The game showcases a seamless and open environment with crisp 3D visuals, highly interactive enemies, and gameplay mechanics for the PlayStation 2 layout which optimizes usability and continuity, such as the lack of loading screens which allows for the continuation from area to area without having to stop.[3] The game is split up into three separate hub locations, each area differing in features and atmosphere. The protagonist reacts to his world in different ways respective to the environment layout—e.g. when in shallow pools of water, he moves slowly while waddling side-to-side; after falling from a high ledge he will "splat" on the ground and lose a hit point; and when encountered, he will burn in lava, swim in deeper waters, and while on varying altitudes walk slower or faster according to the pitch of the platform.


Blue eco vent

A blue eco vent.

There are four types of eco that Jak can use throughout the game as power-ups, allowing him to regenerate hit points, run faster, activate dormant Precursor technology, break boxes, punch and kick with more effect, and shoot fire-like projectiles from his hands. The player can pick up small clusters of these ecos, allowing its use for five seconds per cluster. The player can also pass through eco vents, allowing much longer usage for a maximum of twenty seconds.[4] Both amounts are indicated by a gauge; when a cluster is picked up, only a quarter of the gauge fills, whereas when powered up by an eco vent, the gauge becomes full. Absorbing one type of eco color while previously channeling a different type will replace it with the recently collected eco. The four ecos are green eco, blue eco, red eco, and yellow eco, which heals, invokes kinetic energy, enforces physical power, and shoots from long-range, respectively. There is also dark eco, which acts as a hazard throughout the game: dark eco boxes can be encountered in locations, and if Jak touches them, the following explosion will cause him to lose one of his three hit points (indicated by a heart split up into three sections). Dark eco pools are encountered as well, and if Jak were to fall into one, he would lose all of his hit points. Additionally, towards the end of the game, light eco is discovered, and while the player never uses it, Jak grabbed it and threw a stream of it at the Precursor robot during a cutscene.[4]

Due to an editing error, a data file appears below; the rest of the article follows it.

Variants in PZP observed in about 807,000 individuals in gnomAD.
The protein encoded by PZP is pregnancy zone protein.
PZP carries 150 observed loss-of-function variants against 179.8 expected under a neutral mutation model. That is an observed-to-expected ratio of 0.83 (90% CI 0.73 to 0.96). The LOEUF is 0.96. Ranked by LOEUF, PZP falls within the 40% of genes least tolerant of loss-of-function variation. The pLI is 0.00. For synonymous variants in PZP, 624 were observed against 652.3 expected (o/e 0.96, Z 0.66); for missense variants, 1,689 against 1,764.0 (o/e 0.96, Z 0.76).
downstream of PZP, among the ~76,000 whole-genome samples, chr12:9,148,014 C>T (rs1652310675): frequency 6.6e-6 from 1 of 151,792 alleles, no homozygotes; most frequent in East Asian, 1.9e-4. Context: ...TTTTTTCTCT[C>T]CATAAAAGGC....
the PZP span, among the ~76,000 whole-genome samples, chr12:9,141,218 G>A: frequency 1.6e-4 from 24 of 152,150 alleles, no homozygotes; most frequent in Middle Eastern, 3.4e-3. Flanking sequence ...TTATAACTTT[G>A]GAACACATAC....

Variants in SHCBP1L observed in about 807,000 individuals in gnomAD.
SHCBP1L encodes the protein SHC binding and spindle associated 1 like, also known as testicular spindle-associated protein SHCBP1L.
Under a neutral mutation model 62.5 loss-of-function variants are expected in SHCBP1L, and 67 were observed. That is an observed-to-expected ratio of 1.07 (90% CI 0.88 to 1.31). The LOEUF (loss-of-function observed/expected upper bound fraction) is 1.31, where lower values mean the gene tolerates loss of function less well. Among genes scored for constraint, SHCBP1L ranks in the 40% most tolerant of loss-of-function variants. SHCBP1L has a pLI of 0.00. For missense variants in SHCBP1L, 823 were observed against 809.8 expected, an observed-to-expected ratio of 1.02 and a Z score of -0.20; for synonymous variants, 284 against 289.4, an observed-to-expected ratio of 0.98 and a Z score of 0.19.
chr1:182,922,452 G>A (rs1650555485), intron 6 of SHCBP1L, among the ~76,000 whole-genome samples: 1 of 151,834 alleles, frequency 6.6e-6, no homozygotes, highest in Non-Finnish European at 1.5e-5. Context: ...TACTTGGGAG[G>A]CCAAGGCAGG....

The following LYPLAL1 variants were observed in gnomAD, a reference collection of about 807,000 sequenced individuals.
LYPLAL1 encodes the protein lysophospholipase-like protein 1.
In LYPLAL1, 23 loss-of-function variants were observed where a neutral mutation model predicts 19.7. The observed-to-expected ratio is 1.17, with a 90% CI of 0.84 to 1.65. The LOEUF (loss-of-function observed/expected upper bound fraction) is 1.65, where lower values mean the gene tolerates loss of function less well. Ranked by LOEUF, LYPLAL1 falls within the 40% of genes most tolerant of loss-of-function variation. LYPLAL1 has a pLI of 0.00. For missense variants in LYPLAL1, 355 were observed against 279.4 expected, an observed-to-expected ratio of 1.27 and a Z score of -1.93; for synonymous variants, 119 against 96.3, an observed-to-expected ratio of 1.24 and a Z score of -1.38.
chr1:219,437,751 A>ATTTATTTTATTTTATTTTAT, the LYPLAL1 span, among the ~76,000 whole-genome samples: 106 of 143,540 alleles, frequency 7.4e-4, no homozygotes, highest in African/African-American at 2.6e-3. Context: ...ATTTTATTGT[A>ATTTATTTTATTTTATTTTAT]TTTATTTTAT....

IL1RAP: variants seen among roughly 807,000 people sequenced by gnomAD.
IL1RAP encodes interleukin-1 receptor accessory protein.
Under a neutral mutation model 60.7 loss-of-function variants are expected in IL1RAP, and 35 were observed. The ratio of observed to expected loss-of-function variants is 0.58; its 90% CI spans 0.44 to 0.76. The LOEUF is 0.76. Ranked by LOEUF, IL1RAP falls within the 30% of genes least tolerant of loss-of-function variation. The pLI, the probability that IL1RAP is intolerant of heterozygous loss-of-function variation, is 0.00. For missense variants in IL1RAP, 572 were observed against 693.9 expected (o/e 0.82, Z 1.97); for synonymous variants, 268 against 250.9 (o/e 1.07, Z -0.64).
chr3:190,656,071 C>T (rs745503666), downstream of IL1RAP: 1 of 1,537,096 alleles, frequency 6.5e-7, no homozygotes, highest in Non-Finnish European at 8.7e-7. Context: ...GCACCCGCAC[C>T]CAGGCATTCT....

Navigate the blue Precursor rings

Jak flying the A-Grav Zoomer.

Jak can use Keira's A-Grav Zoomer, a hoverbike-like vehicle, to travel over normally inaccessible areas. For example, it can travel over water, or lava only in credit to its heat shield. Like Jak, the zoomer is capable of picking up blue eco, green eco, and yellow eco, allowing it to fly faster, repair damage and heal plants, and shoot bolts of yellow eco, respectively.

Another usable vehicle is an animal mount known as the flut flut. It is capable of running considerably fast, gliding over large gaps, jumping to high ledges, and has a single charging attack, powerful enough to break strong boxes.



Jak and Daxter: The Precursor Legacy is set on a fictional unnamed planet in the far past, occupied by villages and small settlements, populated with diverse natural environments and ruins from an ancient civilization known as the Precursors which were said to have built the planet long ago.[4] The first and primary hub location is Sandover Village, home of the two protagonists, Jak, a 15-year-old[2] mute, and his best friend Daxter, a 15-year-old[2] fellow villager who is transformed into an ottsel in the beginning of the game. The planet runs and relies on a life source known as eco, created and used by the Precursors. The two protagonists are watched over by Samos, the sage of green eco and father of Keira. Lurkers are the primary enemies of the game, commanded by the antagonists Gol and Maia Acheron, who have been corrupted by the effects of long-term exposure to dark eco. Villagers and inhabitants of the planet are highly xenophobic towards lurkers, viewing them as monsters. The primary currency in the game is Precursor orbs, old artifacts left behind by the Precursors.